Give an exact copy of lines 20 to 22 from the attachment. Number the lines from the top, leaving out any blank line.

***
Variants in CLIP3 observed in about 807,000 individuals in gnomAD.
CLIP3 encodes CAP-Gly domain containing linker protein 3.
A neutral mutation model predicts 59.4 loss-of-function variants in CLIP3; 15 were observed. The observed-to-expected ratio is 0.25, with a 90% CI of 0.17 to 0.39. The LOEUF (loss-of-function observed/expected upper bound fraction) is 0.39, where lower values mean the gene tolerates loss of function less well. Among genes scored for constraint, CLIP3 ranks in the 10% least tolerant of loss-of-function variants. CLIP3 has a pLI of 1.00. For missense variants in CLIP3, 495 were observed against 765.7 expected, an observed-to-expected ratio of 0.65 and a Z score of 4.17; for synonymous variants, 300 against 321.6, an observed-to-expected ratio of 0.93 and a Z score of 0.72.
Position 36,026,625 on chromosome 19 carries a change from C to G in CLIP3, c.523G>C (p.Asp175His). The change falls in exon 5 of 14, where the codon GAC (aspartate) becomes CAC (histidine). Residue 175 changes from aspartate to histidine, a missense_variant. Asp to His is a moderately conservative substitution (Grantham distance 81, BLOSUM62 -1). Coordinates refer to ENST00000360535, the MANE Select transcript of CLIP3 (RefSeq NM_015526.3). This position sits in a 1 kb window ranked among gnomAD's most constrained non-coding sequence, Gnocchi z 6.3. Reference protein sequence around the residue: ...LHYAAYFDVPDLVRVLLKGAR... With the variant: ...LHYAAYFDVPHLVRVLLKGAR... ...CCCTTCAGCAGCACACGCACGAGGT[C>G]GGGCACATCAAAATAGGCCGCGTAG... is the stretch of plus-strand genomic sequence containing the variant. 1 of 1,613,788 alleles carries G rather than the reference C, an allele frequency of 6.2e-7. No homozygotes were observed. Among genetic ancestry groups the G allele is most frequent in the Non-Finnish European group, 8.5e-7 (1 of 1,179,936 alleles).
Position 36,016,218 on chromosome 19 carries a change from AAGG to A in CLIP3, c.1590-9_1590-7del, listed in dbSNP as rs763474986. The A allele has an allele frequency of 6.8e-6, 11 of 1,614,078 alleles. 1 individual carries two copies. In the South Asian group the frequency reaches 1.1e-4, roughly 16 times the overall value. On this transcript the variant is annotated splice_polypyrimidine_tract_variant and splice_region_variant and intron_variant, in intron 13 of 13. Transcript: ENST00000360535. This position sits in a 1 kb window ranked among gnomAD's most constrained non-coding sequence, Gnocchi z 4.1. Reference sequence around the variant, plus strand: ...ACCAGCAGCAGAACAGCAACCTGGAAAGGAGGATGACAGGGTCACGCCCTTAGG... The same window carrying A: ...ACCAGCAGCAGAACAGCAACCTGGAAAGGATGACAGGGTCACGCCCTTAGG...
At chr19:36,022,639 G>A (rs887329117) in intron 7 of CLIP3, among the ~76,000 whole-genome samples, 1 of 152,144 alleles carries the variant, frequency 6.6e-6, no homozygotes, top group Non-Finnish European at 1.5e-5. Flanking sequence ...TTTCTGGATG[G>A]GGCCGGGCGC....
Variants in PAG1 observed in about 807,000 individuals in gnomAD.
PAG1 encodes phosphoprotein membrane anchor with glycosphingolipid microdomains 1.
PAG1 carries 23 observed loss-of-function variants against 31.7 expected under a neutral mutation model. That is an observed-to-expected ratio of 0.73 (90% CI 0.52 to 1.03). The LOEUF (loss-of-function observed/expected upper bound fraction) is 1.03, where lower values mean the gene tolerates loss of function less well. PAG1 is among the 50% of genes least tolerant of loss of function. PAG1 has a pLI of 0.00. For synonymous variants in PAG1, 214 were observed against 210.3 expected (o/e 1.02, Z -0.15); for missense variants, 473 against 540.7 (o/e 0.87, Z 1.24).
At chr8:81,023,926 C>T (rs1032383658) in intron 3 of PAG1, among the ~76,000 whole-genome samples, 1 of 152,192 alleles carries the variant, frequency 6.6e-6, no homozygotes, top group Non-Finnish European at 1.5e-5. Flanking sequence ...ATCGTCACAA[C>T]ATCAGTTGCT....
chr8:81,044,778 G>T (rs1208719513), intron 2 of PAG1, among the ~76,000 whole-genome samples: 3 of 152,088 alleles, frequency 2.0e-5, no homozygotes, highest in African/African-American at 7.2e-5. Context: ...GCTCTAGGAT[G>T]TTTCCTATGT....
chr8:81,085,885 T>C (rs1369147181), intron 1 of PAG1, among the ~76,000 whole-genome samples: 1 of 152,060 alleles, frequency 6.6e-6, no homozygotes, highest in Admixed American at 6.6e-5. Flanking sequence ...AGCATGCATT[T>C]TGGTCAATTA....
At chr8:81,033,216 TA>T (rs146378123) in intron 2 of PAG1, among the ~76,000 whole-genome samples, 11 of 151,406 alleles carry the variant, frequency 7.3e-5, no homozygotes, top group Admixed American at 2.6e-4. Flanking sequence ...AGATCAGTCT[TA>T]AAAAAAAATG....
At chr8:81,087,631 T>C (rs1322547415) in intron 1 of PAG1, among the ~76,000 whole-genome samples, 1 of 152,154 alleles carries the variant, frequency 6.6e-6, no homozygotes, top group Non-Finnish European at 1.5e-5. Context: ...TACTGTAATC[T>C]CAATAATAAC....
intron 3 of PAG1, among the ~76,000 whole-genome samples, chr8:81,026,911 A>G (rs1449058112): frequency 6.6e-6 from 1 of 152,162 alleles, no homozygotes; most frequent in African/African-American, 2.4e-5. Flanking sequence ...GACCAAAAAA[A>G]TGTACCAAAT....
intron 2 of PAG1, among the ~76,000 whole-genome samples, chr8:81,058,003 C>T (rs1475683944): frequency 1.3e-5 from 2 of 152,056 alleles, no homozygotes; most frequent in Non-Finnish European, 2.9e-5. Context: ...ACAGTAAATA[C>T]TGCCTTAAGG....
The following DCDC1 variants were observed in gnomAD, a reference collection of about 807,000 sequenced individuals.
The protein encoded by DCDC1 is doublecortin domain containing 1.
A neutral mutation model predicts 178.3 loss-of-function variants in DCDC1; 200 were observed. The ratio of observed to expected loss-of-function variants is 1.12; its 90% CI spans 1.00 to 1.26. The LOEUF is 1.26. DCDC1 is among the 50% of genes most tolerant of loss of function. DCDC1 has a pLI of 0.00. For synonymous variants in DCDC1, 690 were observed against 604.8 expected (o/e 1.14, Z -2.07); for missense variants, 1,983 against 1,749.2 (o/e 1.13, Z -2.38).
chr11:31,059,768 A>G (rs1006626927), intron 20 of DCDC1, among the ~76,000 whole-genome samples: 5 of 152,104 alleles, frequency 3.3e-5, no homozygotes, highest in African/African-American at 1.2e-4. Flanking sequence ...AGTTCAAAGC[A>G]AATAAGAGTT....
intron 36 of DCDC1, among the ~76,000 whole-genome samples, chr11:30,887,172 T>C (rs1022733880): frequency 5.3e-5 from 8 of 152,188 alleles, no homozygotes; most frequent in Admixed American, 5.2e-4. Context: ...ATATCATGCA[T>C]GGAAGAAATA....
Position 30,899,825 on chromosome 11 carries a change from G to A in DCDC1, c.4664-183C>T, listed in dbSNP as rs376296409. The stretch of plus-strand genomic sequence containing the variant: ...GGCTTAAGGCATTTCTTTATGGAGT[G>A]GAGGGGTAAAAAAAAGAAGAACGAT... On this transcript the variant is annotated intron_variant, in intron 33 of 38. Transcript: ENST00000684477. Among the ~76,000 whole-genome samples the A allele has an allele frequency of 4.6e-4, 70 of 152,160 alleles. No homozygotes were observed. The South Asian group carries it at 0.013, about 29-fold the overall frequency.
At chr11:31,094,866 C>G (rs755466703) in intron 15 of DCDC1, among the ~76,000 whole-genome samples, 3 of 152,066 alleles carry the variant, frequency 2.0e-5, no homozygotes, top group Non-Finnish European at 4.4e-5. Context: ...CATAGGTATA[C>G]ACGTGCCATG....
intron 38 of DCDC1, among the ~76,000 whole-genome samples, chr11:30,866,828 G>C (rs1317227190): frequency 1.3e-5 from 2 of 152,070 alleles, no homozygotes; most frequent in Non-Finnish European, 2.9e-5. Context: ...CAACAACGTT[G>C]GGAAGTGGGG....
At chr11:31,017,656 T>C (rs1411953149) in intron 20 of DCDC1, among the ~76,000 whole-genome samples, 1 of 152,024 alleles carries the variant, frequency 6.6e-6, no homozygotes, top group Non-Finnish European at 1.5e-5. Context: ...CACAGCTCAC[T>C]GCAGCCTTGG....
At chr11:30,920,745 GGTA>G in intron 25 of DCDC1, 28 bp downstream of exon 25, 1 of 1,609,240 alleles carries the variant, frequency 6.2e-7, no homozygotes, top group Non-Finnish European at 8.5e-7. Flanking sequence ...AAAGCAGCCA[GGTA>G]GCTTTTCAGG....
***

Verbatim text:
chr11:31,059,768 A>G (rs1006626927), intron 20 of DCDC1, among the ~76,000 whole-genome samples: 5 of 152,104 alleles, frequency 3.3e-5, no homozygotes, highest in African/African-American at 1.2e-4. Flanking sequence ...AGTTCAAAGC[A>G]AATAAGAGTT....
intron 36 of DCDC1, among the ~76,000 whole-genome samples, chr11:30,887,172 T>C (rs1022733880): frequency 5.3e-5 from 8 of 152,188 alleles, no homozygotes; most frequent in Admixed American, 5.2e-4. Context: ...ATATCATGCA[T>C]GGAAGAAATA....
Position 30,899,825 on chromosome 11 carries a change from G to A in DCDC1, c.4664-183C>T, listed in dbSNP as rs376296409. The stretch of plus-strand genomic sequence containing the variant: ...GGCTTAAGGCATTTCTTTATGGAGT[G>A]GAGGGGTAAAAAAAAGAAGAACGAT... On this transcript the variant is annotated intron_variant, in intron 33 of 38. Transcript: ENST00000684477. Among the ~76,000 whole-genome samples the A allele has an allele frequency of 4.6e-4, 70 of 152,160 alleles. No homozygotes were observed. The South Asian group carries it at 0.013, about 29-fold the overall frequency.